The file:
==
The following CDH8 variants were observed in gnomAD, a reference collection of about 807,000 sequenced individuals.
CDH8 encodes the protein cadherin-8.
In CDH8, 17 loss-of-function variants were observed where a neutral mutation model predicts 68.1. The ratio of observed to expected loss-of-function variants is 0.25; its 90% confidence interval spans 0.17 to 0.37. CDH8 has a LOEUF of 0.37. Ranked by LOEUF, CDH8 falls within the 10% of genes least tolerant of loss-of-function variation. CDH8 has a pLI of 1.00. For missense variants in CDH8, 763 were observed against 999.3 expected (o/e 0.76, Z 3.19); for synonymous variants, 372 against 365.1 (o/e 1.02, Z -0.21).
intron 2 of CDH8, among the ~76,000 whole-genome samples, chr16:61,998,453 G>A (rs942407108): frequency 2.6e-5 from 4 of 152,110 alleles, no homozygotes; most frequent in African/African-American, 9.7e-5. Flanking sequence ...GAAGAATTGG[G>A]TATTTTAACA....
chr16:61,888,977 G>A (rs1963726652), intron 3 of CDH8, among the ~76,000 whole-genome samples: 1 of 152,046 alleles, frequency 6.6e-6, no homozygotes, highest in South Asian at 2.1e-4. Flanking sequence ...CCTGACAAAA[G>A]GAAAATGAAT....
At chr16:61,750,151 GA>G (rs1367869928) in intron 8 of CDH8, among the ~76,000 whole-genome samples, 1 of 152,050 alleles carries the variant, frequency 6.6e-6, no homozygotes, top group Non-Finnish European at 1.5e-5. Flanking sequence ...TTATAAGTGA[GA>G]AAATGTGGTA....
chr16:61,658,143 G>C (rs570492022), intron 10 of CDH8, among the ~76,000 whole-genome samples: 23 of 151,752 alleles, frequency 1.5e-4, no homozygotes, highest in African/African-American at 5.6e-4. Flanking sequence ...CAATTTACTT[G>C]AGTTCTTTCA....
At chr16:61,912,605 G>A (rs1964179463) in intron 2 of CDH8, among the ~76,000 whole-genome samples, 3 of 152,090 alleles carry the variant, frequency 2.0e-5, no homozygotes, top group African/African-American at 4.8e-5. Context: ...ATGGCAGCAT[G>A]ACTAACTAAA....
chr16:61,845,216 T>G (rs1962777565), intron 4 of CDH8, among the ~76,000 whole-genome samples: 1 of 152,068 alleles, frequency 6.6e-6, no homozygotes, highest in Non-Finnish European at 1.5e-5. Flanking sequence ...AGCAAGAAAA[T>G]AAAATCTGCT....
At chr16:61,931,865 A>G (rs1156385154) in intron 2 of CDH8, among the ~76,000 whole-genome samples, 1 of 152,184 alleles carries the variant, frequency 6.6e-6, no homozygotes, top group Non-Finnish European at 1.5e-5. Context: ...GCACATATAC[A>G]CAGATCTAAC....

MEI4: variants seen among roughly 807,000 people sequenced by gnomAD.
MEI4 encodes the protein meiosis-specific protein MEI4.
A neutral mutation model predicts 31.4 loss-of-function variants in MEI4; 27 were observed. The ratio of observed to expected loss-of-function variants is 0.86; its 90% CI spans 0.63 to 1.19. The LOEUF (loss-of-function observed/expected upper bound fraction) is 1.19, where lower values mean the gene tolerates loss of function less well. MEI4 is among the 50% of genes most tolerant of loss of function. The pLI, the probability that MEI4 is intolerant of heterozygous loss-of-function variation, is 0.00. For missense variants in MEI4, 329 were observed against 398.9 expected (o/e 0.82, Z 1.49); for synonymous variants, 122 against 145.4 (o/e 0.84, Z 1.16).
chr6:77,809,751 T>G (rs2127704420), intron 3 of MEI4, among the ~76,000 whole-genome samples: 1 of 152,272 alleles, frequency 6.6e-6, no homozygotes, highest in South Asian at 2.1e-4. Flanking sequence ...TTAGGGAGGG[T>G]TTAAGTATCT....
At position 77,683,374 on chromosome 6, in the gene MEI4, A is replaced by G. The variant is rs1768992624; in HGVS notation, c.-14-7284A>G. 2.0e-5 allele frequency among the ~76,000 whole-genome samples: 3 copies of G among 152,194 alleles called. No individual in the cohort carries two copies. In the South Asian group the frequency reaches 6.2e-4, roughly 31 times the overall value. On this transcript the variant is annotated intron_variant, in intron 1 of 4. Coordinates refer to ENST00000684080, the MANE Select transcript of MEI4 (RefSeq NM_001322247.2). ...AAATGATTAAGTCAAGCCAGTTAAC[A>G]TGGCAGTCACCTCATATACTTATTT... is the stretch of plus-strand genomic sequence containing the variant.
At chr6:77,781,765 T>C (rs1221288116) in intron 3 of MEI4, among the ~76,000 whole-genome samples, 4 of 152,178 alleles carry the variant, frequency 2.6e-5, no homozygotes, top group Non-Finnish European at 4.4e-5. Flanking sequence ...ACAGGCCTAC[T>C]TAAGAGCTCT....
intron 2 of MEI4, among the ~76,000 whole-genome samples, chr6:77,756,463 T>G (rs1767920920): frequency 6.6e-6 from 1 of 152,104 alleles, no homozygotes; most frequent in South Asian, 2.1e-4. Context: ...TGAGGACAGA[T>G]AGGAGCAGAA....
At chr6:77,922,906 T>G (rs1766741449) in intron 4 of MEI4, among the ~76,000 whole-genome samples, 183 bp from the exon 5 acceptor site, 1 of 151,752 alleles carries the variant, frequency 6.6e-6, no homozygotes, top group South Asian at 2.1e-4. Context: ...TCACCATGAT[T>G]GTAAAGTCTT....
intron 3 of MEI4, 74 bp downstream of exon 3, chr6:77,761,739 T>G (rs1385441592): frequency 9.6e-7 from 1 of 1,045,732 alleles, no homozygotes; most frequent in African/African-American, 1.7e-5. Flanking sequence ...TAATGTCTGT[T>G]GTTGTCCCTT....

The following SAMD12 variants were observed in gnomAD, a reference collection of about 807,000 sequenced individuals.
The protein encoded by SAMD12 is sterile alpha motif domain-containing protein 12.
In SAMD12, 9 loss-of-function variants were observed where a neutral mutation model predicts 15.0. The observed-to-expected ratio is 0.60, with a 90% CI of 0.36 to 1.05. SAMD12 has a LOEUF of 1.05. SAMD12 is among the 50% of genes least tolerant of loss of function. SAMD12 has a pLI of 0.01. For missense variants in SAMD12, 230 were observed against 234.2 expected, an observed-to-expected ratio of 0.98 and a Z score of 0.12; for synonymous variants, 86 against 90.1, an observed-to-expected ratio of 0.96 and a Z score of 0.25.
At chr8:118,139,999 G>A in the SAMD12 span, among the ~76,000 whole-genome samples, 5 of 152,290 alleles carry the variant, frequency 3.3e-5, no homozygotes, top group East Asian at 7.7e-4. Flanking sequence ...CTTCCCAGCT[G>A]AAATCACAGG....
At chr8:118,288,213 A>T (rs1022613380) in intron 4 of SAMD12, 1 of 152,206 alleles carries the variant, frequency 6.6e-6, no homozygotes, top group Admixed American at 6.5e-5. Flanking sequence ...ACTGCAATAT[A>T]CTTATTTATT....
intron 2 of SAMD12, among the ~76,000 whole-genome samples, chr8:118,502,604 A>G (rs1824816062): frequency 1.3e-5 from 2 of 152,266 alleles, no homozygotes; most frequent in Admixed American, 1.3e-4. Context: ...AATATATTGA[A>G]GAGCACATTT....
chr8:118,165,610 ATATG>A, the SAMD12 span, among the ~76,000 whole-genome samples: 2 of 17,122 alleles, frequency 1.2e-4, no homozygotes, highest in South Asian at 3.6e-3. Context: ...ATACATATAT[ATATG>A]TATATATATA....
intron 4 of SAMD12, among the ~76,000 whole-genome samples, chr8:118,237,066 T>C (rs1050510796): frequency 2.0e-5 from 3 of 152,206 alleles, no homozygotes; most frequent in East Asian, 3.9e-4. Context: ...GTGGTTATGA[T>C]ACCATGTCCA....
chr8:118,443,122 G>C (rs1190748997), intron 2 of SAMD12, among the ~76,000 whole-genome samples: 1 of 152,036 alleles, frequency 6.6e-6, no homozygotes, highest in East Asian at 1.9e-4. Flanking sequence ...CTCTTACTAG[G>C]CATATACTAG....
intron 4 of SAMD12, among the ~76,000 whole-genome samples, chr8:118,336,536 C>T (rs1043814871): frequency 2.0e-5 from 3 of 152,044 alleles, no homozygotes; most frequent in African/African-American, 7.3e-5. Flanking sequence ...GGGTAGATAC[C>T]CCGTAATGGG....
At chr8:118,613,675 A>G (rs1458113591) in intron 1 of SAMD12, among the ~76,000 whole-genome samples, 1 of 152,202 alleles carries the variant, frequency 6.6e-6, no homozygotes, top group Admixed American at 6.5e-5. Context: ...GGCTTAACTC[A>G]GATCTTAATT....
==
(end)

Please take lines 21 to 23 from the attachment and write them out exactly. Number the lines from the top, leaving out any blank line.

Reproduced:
The protein encoded by SAMD12 is sterile alpha motif domain-containing protein 12.
In SAMD12, 9 loss-of-function variants were observed where a neutral mutation model predicts 15.0. The observed-to-expected ratio is 0.60, with a 90% CI of 0.36 to 1.05. SAMD12 has a LOEUF of 1.05. SAMD12 is among the 50% of genes least tolerant of loss of function. SAMD12 has a pLI of 0.01. For missense variants in SAMD12, 230 were observed against 234.2 expected, an observed-to-expected ratio of 0.98 and a Z score of 0.12; for synonymous variants, 86 against 90.1, an observed-to-expected ratio of 0.96 and a Z score of 0.25.
At chr8:118,139,999 G>A in the SAMD12 span, among the ~76,000 whole-genome samples, 5 of 152,290 alleles carry the variant, frequency 3.3e-5, no homozygotes, top group East Asian at 7.7e-4. Flanking sequence ...CTTCCCAGCT[G>A]AAATCACAGG....